‘Concierge’ doctors’ contracts give patients choice and savings – 3/12/2011

This is an opinion piece I wrote to the Fort Myers News-Press concerning an article they recently wrote titled, “Patients hit with add-on charges,” by Frank Gluck, The News-Press, Jan. 23.
“Drs. Douglas Henricks and Rob Simmons are my practicing partners.  Frank Gluck’s article suggested their recent patient contract offers  were violating health insurance companies’ contractual “rules.”  I wish  to clarify to the public that our group does not have contracts with  private health insurance companies, and thus their rules do not apply. The contracts recently offered to patients by my partners are voluntary and  not new to the local market. Such payment offers are widely used in Naples and have been for several years. Many patients have been asking  for such concierge service and thus there is consumer market pressure to offer this. Several years ago, we canceled private health insurance  contracts because of inadequate reimbursement and ever-expanding controls/regulation being place upon our work. Presently, the system is setting physician fee schedules, not distinguishing quality and at the same time increasing the workload of patient care.  Denial of  physician-ordered care results in more office and physician time  (through exception requests and other authorization processes) which is  not covered by the current fee schedules.  Cost savings to the insurance  companies that result from denials have yet to materialize in the form  of less expensive premiums.
In my 18 years of practice, I haven’t seen premiums go down one single time.
At  the heart of the matter is that Medicare is setting the fee schedule  for physician evaluation and management. Medicare does not negotiate  fees with physicians; it mandates them. Medicare does not distinguish  whether the care is provided by a sub specialist, board certified  physician, physician assistant or a nurse practitioner – the payment is  the same. There is no incentive to provide quality. These policies  started in the mid-1990s and are resulting in a slow fall to the bottom  for U.S. health care.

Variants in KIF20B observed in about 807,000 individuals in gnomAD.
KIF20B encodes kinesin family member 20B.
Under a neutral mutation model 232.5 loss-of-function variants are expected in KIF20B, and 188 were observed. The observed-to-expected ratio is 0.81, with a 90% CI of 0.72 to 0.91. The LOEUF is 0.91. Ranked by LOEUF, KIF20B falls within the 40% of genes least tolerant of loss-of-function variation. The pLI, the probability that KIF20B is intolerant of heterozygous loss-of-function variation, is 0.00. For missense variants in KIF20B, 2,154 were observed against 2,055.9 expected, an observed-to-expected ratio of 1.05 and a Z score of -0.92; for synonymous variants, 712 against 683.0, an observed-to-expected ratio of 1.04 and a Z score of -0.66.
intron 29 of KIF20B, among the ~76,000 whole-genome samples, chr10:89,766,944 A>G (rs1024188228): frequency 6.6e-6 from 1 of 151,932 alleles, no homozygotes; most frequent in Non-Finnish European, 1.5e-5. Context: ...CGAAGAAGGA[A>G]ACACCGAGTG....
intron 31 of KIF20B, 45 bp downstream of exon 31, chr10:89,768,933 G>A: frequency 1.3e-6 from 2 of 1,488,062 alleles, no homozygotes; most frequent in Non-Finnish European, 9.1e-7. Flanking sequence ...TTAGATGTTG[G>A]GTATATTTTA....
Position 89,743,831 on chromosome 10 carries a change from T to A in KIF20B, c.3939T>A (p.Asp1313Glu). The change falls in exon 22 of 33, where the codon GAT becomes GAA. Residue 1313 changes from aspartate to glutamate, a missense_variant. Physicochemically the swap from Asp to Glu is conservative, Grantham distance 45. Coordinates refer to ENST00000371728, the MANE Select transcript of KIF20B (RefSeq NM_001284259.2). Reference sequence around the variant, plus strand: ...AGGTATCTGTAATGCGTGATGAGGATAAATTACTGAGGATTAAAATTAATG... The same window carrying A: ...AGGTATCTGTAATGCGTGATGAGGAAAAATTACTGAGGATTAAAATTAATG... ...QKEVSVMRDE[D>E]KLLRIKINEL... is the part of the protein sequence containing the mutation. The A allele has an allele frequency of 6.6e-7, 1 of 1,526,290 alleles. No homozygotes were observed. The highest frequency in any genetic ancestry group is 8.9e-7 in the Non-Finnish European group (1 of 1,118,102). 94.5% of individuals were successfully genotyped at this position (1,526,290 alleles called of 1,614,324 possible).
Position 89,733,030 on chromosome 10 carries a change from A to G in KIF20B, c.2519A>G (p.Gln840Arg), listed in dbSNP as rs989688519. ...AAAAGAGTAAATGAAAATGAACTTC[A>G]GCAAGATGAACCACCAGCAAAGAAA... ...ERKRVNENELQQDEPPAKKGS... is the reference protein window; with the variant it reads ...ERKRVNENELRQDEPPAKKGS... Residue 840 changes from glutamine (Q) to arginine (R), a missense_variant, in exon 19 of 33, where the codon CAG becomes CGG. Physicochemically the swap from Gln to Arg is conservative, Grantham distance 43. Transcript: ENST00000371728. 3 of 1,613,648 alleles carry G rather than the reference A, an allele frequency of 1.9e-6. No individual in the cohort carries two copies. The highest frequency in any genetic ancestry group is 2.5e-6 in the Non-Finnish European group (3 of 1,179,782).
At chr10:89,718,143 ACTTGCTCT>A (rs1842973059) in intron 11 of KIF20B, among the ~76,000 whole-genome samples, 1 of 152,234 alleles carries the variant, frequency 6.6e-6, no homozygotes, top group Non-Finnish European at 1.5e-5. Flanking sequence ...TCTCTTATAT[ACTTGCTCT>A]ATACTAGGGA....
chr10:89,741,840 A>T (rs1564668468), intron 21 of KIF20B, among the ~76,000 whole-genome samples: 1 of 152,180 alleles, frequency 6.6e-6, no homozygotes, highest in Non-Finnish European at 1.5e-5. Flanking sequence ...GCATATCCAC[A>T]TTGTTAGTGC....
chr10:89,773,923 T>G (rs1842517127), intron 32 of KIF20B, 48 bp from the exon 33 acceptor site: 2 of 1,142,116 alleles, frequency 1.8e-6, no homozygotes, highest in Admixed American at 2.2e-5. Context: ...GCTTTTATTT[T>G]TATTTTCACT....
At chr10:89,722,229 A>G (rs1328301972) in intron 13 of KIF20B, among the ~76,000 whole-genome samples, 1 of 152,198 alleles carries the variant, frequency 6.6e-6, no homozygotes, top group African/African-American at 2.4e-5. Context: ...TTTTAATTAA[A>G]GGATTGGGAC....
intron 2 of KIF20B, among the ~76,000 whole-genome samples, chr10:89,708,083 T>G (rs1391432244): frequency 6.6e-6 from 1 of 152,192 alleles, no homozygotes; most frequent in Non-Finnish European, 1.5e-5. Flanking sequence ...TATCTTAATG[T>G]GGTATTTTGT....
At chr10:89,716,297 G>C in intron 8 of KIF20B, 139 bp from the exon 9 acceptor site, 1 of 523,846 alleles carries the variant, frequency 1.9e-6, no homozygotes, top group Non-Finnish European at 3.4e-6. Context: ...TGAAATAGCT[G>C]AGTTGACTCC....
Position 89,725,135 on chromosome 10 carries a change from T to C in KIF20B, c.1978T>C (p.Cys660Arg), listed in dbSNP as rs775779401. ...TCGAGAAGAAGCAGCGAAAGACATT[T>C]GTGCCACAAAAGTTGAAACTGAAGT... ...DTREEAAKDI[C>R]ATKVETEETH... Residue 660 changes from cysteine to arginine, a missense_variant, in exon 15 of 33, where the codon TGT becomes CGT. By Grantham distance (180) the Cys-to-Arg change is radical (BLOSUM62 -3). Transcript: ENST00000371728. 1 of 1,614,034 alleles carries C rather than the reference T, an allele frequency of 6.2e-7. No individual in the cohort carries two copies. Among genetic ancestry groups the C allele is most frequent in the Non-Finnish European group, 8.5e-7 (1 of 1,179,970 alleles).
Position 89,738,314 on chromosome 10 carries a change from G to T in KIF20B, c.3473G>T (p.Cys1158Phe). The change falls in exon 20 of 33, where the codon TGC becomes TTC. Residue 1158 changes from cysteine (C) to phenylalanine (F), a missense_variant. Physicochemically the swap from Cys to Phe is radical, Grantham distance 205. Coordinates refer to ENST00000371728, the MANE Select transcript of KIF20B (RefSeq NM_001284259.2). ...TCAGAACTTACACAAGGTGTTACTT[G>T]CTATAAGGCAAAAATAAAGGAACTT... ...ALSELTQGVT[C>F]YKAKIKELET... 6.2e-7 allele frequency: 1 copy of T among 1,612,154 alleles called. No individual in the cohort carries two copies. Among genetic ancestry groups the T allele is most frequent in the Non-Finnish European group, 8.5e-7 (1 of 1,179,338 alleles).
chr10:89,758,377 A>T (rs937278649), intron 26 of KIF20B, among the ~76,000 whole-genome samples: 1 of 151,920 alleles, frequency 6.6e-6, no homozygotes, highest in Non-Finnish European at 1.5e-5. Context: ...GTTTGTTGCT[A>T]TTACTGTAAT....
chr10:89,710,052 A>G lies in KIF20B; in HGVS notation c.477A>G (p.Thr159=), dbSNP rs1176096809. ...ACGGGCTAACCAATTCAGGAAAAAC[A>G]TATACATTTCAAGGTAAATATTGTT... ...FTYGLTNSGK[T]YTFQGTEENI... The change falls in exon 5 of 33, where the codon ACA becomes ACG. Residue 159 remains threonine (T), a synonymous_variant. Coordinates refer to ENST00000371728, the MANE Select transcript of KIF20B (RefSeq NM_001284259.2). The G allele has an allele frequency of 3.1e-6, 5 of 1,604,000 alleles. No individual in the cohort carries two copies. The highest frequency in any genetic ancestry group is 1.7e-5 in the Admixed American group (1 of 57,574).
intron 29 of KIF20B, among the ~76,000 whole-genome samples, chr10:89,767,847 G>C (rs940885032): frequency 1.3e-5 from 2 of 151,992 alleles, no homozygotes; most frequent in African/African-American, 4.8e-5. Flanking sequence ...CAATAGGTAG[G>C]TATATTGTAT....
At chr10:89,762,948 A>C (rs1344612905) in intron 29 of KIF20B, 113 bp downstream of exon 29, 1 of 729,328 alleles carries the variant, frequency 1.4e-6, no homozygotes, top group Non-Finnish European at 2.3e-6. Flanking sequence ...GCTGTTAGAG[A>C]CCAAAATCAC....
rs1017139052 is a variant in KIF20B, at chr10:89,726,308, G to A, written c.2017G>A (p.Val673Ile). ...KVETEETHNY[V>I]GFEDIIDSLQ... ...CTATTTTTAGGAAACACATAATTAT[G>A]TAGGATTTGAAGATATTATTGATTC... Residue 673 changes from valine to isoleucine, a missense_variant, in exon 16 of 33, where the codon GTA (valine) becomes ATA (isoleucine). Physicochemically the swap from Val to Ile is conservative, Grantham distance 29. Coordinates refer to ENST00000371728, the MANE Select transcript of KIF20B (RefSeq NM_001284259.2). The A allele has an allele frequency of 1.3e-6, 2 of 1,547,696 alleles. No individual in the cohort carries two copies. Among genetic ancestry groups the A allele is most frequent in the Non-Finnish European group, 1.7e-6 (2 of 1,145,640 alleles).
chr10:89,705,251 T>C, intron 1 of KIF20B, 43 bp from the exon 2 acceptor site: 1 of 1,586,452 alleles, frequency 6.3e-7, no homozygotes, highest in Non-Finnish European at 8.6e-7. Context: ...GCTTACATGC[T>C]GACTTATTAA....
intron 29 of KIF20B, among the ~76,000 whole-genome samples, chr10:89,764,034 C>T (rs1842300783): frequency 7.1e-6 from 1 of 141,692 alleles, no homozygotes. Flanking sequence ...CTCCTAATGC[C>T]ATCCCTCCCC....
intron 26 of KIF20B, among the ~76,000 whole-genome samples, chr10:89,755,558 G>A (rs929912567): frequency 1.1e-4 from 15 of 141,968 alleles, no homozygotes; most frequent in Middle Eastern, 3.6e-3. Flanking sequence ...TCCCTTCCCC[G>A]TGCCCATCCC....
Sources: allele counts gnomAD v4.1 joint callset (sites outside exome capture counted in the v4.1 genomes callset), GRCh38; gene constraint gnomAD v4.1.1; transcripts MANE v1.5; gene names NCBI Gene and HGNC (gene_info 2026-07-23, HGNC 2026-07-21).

Private  health insurance plans use Medicare’s fee schedule as the benchmark for  their contract negotiations.  They actually are paying physicians even  less in Lee County. Private insurers figure that if the doctors will  work for the Medicare fee schedule, they need not pay any more than  Medicare does.
Physicians do not need to apologize for expecting to be reasonably  compensated for their time and expertise.  The system’s pay caps with  ever rising demands and work lists is untenable. The latest health care  law adds further regulation (longer work lists). I am concerned the  system is going to fall apart.Mr. Gluck’s  article does serve to highlight that things are at a tipping point.  Physicians should be allowed to set their own fees but Medicare should  only subsidize patients what its budget allows.  Patients would only pay  for services that they personally use, rather than some of the patient  group paying annual lump sums to subsidize the rest (basically what  current concierge contracts accomplish).
I  hope this commentary serves to awaken the public to start taking charge  of how their dollars are being deployed. We should be offered properly  priced insurance contracts which place the patients in the driver’s seat  for consumption. This means more “pay as you use services” options with  a true catastrophic insurance policy as an option.  This would keep  unnecessary wasted resources from being used up and it would mean your  insurance company would only enter the picture when you really had a  significant health care cost.
We  all pay for the maintenance of our cars and homes and only call on our  insurance policies when there has been a wreck, flood or fire. It  doesn’t need to be any different for health care services.”

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